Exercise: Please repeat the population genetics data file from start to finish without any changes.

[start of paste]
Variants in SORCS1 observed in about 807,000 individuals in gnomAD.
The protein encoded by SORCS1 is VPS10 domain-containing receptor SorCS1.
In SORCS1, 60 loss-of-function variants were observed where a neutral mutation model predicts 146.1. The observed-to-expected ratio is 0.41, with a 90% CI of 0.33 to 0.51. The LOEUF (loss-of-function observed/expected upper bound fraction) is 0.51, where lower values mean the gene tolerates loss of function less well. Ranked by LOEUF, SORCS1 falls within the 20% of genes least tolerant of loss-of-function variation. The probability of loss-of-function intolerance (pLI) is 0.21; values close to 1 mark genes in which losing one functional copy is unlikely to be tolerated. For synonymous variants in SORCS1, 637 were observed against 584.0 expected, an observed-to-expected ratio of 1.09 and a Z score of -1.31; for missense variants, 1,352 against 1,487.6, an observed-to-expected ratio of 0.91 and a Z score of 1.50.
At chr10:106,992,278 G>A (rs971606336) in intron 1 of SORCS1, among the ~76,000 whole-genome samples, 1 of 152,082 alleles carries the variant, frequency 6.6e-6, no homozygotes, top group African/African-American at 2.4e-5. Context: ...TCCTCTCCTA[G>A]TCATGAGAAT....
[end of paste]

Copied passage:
Variants in SORCS1 observed in about 807,000 individuals in gnomAD.
The protein encoded by SORCS1 is VPS10 domain-containing receptor SorCS1.
In SORCS1, 60 loss-of-function variants were observed where a neutral mutation model predicts 146.1. The observed-to-expected ratio is 0.41, with a 90% CI of 0.33 to 0.51. The LOEUF (loss-of-function observed/expected upper bound fraction) is 0.51, where lower values mean the gene tolerates loss of function less well. Ranked by LOEUF, SORCS1 falls within the 20% of genes least tolerant of loss-of-function variation. The probability of loss-of-function intolerance (pLI) is 0.21; values close to 1 mark genes in which losing one functional copy is unlikely to be tolerated. For synonymous variants in SORCS1, 637 were observed against 584.0 expected, an observed-to-expected ratio of 1.09 and a Z score of -1.31; for missense variants, 1,352 against 1,487.6, an observed-to-expected ratio of 0.91 and a Z score of 1.50.
At chr10:106,992,278 G>A (rs971606336) in intron 1 of SORCS1, among the ~76,000 whole-genome samples, 1 of 152,082 alleles carries the variant, frequency 6.6e-6, no homozygotes, top group African/African-American at 2.4e-5. Context: ...TCCTCTCCTA[G>A]TCATGAGAAT....